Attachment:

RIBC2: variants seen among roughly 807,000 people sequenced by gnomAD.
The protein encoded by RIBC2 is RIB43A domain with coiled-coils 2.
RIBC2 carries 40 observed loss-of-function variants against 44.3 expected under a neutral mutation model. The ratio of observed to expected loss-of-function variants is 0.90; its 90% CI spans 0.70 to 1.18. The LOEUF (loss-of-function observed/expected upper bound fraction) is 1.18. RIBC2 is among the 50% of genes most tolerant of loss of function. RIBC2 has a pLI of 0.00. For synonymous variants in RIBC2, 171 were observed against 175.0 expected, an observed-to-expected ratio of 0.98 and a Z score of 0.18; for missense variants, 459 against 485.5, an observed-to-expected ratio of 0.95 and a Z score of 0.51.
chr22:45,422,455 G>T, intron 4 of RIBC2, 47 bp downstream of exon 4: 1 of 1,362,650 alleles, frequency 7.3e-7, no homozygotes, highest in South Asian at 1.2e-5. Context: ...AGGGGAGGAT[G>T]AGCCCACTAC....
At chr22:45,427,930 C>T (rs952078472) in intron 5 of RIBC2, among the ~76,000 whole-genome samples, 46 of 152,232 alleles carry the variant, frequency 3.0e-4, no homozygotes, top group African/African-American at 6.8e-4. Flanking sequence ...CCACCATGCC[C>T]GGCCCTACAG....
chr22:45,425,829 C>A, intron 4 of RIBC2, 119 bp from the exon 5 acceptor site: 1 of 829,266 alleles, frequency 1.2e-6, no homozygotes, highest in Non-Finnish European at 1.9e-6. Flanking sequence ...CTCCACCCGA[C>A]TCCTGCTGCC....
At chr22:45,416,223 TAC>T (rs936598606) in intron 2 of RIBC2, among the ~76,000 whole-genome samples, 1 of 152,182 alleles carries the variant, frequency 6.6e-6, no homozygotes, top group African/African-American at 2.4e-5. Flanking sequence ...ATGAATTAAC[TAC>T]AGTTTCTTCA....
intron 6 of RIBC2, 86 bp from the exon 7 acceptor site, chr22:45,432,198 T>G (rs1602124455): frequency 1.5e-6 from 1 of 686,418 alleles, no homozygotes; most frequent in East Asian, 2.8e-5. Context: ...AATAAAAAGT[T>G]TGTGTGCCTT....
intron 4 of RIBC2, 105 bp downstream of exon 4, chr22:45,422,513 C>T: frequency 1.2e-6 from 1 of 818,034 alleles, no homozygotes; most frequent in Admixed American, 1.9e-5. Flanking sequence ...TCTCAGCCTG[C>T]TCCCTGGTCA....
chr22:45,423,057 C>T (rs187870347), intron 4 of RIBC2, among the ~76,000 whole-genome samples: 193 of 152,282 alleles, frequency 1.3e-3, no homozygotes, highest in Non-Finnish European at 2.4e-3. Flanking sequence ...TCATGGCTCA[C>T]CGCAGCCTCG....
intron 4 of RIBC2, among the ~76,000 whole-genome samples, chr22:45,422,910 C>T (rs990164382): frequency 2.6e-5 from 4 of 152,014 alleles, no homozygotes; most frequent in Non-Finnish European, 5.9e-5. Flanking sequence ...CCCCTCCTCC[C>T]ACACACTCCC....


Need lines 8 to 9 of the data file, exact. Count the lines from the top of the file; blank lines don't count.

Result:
intron 6 of RIBC2, 86 bp from the exon 7 acceptor site, chr22:45,432,198 T>G (rs1602124455): frequency 1.5e-6 from 1 of 686,418 alleles, no homozygotes; most frequent in East Asian, 2.8e-5. Context: ...AATAAAAAGT[T>G]TGTGTGCCTT....
intron 4 of RIBC2, 105 bp downstream of exon 4, chr22:45,422,513 C>T: frequency 1.2e-6 from 1 of 818,034 alleles, no homozygotes; most frequent in Admixed American, 1.9e-5. Flanking sequence ...TCTCAGCCTG[C>T]TCCCTGGTCA....